For decades Democrats and Republicans have made promises that we now find cannot be honored. It pains me to say that we need to restructure our social security system, Medicare and Medicaid. We need to do so in a way that maintains the spirit of these systems without bankrupting our country. One change I will seek is an increase in the official retirement age. One hundred years ago – shortly before the dawn of our welfare system the average American man had a life expectancy of 46 years. We need to adjust to the fact that this is now almost 80 years.

We need to change our approach to taxes and ask whether it is fair for the wealthy and middle-class to get a break on their living expenses – via mortgage deductions – when the single mom paying rent for an apartment gets no such break. This costs our country almost half a trillion dollars a year or almost 15% of the federal budget. Other countries, such as the United Kingdom and Australia, have no mortgage deductibility yet have higher home ownership rates than we do. We also should ask whether it is right for the buyout kings to have lower tax rates than the high school principal, librarian and nurse.

We have long lamented the decline of our educational system. In the next four years I want to make sure that half our student population – girls and young women – have the same opportunity as boys and young men. We need to encourage them women to study the sciences, engineering and math so that in a few decades half the brightest minds in our laboratories, research facilities and engineering departments are female.

I also intend to make sure the brightest young minds in the world come to America and stay in America. In the next four years we will engineer the immigration reform our country deserves. In addition, I plan to make sure that on the day a foreign student earns a Phd in the sciences, technology and engineering from a U.S. University they are automatically granted American citizenship.

While I will devote every fiber of my being to prevent more shooting atrocities, our nation, with hundreds of millions of guns in circulation, is an armed camp. Let me shoot straight: if we want to make real progress against armed violence we have to change the second amendment and allocate billions of dollars to a comprehensive gun amnesty. When, more than two centuries ago, are founding fathers drafted the second amendment they did not imagine that our government would spend $700 billion a year on a militia.

Americans have a higher risk of being murdered than do any other citizens in developed nations. Since that terrible day in Newtown, Connecticut more than 1,000 gun deaths have occurred in America. For over three decades more than 30,000 people a year have died in our country because of gun violence. Very soon more people will die because of guns than automobile accidents. Yes, we can and should outlaw assault rifles, ban the sale of magazines and conduct comprehensive background checks but this should just be the start of our campaign to remove the bullet from everyday life.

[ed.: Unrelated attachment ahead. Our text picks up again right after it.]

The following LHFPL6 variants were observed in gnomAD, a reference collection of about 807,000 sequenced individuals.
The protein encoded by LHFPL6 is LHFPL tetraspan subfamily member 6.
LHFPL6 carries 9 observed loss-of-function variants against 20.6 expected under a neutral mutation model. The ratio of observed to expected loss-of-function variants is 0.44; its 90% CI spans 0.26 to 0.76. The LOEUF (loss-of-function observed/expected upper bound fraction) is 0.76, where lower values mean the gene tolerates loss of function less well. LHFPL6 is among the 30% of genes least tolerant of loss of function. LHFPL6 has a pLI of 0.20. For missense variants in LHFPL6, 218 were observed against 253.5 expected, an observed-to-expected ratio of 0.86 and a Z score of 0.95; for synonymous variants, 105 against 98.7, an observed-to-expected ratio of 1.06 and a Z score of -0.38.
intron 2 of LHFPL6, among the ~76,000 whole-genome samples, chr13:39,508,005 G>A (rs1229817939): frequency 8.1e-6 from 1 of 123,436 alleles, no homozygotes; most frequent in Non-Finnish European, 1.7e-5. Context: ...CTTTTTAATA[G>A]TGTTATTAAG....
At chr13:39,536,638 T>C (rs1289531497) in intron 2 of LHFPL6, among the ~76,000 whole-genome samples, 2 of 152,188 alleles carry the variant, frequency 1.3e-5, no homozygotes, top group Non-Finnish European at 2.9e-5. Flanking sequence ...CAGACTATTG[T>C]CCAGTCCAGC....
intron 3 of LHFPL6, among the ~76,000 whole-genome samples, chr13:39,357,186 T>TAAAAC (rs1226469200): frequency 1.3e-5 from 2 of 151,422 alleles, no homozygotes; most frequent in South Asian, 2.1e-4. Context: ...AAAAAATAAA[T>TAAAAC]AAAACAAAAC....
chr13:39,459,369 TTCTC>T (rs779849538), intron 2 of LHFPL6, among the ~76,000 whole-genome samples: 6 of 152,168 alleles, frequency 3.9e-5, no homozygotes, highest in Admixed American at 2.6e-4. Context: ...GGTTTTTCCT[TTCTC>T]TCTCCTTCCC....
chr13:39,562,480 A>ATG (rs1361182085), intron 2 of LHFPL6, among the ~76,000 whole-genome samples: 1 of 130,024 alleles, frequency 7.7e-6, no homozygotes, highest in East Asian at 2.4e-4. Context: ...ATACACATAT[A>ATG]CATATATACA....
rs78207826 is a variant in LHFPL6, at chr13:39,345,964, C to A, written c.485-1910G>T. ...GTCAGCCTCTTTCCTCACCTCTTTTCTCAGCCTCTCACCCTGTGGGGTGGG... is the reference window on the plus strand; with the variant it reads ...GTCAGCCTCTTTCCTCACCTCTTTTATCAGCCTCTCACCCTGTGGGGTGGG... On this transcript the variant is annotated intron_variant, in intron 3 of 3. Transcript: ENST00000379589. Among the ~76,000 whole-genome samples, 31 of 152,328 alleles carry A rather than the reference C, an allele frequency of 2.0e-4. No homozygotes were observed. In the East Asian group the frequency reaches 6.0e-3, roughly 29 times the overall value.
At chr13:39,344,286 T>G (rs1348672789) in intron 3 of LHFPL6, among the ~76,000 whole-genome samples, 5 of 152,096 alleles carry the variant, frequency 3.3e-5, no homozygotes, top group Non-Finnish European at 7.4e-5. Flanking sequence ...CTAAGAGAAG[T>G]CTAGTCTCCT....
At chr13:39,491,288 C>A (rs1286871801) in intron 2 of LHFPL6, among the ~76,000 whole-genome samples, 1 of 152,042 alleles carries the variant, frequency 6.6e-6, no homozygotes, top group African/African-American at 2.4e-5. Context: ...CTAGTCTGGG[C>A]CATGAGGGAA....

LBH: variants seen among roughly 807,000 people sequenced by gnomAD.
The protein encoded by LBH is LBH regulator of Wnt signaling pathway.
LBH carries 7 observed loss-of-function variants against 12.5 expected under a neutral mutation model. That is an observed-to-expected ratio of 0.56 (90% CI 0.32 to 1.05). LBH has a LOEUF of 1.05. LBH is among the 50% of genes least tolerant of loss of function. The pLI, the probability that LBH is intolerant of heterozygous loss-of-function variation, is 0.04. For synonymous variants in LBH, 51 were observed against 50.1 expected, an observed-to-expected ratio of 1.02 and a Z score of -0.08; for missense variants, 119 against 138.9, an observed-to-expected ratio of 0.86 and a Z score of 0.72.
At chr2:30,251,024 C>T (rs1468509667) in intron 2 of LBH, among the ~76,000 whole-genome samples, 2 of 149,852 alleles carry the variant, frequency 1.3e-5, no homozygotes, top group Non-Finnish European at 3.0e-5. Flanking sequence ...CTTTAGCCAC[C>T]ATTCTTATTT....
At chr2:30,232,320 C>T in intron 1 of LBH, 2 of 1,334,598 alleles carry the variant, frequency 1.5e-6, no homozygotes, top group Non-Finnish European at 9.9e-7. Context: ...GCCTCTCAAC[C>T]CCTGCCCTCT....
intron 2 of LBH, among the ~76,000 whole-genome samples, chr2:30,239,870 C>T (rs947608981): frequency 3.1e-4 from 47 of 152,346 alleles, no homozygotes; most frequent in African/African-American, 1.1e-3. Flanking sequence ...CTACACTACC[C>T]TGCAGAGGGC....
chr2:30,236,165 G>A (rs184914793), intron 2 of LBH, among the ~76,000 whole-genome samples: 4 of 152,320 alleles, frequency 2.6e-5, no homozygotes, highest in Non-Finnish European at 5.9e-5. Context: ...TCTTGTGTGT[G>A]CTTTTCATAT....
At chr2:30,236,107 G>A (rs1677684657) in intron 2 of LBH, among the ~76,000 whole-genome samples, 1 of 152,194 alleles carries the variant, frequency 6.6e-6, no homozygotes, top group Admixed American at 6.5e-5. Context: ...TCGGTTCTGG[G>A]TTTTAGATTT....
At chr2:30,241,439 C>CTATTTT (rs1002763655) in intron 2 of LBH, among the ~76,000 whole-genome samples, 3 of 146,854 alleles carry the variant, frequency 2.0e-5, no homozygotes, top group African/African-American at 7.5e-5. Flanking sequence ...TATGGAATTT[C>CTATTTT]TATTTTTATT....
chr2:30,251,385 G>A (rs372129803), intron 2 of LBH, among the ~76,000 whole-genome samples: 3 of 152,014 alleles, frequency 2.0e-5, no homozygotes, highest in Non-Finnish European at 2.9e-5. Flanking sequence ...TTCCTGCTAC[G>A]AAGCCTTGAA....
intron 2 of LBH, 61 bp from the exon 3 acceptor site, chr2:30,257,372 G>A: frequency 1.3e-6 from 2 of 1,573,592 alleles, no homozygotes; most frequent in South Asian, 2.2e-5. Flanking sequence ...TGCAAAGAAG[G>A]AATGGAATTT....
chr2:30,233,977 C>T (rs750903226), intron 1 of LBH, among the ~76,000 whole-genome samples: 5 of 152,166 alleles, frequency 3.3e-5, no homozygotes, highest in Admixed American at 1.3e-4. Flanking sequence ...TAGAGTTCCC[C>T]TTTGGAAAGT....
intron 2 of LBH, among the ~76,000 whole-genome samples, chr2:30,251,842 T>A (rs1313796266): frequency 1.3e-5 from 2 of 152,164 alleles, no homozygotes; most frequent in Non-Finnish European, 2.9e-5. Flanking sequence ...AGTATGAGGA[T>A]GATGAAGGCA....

It pains me to say that we have super-sized ourselves. The weight of the average man in in American between the age of 20 and 74 was 166 pounds in 1960. Today, it is almost 200 pounds. Almost four in ten Americans are officially obese. In 2000 no state had an obesity prevalence of 30%. Today there are twelve. Obesity, which increases the chance of heart disease, strokes, diabetes and various forms of cancer, is an enormous shadow tax on our society. Obesity is what smoking once was – a catastrophe. We will devise ways to encourage soda manufacturers, snack makers fast food restaurant operators and supermarkets help put America on a diet. Most of all I ask everyone to join me and cut the sugar, watch the salt and avoid fat. Dunking should mean basketball not doughnuts.

Finally and most importantly – as though by divine providence – our nation has been given a second chance. In the last few years – thanks to advanced exploration and software – more oil has been discovered in America than we ever thought possible. There is a good chance that we become energy independent and stop borrowing money from China to pay for oil from the Middle East. This is the miracle we never expected and is an opportunity we will not squander. We will extract this oil responsibly, use it wisely and follow the example of Norway by taking some of the profits to establish The National Recovery Fund – which will be used as the foundation to restore the economic health of our country.

My fellow Americans, if in the next four years we accomplish these goals, we then can all proclaim with pride these three words, ‘Yes, we did’.

Photo credit: Spirit of America/Shutterstock.com.